With less than seven weeks to go till the big day, all eyes are on Canada. Following the passage of the Cannabis Act, Prime Minister Justin Trudeau set a date of Oct. 17 as the official launch of recreational marijuana sales. With this launch, Canada will become the first industrialized country in the world to have legalized adult-use weed.

As you might imagine, giving the green light to recreational marijuana is expected to generate a lot of revenue for Canadian growers. Though estimates vary wildly, Canadian pot stocks could see up to $5 billion a year flowing into the industry, atop what they're already generating from medical weed sales and via exports to medically legal countries.

A highway sign that reads "Welcome to California" with the outline of a white cannabis leaf.

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Californian weed distributor CannaRoyalty dishes on its Q2 results

But what investors may not realize is that there's much more to the cannabis movement than simply growers -- or even the Canadian market. Take CannaRoyalty (NASDAQOTH:CNNRF) as an example. It's a Canadian-based marijuana stock that's looking to become a niche player in California's burgeoning cannabis market. With thousands of brands and hundreds of dispensaries competing for consumers, yet only a handful of distributors, CannaRoyalty could be one of those indispensable marijuana middlemen.

It also happens that this up-and-coming small-cap reported its second-quarter operating results a week ago today, turning a few heads in the process. Here are five things that really stood out in CannaRoyalty's Q2 report. 

1. It's serious about divesting noncore assets

While most investors were probably focused on CannaRoyalty's 446% increase in sales over the sequential first quarter to 3.51 million Canadian dollars ($2.71 million), or perhaps its CA$0.18-per-share quarterly profit, it's the company's divesting of noncore assets that really steals the show.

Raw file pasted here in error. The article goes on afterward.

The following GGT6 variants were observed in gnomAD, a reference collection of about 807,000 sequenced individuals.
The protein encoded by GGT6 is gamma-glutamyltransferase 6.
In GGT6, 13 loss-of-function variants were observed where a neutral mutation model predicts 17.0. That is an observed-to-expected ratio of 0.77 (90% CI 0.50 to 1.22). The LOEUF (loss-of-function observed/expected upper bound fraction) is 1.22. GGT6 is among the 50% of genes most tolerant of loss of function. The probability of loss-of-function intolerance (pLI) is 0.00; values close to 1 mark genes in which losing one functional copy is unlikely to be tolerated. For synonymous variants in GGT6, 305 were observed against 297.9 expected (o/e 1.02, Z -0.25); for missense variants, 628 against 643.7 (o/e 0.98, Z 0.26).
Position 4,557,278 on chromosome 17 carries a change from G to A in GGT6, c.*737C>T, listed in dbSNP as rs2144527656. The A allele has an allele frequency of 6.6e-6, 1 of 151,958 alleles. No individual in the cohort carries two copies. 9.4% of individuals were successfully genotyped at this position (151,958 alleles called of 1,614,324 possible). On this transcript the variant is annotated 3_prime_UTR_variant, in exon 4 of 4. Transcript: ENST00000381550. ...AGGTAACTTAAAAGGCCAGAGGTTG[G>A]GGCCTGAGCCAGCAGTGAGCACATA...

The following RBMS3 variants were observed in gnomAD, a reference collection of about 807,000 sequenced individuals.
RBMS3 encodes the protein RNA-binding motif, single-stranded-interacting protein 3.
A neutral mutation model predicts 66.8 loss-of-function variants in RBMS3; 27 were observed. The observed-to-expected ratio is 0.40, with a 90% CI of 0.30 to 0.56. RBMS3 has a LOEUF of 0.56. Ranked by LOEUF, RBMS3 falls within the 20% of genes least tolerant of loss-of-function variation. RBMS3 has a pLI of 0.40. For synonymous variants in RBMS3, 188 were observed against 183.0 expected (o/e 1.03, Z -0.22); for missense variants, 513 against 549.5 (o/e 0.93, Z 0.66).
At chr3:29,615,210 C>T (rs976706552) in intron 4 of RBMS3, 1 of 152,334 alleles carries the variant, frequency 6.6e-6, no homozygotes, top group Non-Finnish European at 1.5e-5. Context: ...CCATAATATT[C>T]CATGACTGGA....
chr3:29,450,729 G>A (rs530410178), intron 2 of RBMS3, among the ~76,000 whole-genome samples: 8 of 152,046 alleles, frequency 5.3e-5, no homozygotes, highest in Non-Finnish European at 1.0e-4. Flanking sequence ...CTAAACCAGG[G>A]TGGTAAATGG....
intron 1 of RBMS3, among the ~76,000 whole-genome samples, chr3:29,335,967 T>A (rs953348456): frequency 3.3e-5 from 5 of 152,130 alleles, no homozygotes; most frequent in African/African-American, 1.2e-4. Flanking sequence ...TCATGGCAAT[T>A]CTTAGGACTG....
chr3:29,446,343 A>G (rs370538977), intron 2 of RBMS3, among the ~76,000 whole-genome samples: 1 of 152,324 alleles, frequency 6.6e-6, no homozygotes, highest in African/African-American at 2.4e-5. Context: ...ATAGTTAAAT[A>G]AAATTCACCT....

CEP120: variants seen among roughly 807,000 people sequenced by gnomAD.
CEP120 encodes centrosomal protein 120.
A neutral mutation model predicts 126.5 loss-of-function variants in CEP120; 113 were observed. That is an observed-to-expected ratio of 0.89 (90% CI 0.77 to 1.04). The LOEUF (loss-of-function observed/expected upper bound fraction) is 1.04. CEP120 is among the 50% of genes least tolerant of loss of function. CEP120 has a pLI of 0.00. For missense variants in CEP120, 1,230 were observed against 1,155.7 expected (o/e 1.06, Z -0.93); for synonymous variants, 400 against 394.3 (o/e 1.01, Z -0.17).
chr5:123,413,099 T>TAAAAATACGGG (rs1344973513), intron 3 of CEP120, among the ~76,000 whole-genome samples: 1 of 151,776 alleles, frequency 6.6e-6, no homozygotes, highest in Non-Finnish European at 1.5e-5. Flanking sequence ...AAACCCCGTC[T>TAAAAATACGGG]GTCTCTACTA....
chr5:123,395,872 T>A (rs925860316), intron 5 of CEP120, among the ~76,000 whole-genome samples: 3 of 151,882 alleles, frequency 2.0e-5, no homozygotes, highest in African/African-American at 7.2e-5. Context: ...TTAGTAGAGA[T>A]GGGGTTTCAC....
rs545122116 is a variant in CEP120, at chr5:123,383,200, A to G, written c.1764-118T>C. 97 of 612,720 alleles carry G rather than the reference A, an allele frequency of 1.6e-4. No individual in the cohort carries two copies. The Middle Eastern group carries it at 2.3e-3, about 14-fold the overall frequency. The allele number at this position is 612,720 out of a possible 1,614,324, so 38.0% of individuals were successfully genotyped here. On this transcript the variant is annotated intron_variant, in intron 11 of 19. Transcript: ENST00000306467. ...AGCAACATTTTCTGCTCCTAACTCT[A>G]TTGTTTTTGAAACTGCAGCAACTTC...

Subsequent to the end of the quarter, CannaRoyalty announced the sale of its Canadian preroll technology to Aurora Cannabis for CA$7 million in Aurora's common stock. It also generated an estimated CA$26.4 million from the sale of Anandia to Aurora Cannabis for CA$115 million in common shares and warrants. CannaRoyalty initially took a 20% stake in Anandia Labs in January 2017. And then, just days ago, CannaRoyalty completed the sale of its equity stake and royalty in AltMed to Tidal Royalty for CA$8 million. 

Said CEO Marc Lustig, "The company generated earnings per share of $0.18 primarily by delivering on its stated objective of rationalizing early passive investments."

Jars filled with dried cannabis lined up on a counter.

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2. Distribution acquisitions are on the plate

Though CannaRoyalty is busy monetizing its passive investments, it's also aggressively looking to bolster its distribution infrastructure in California organically and through acquisitions. Three days after the quarter ended (July 3), CannaRoyalty closed on its acquisition of FloraCal Farms for $1 million in cash and 35,088 CannaRoyalty Class A shares, as well as possible future cash and share considerations.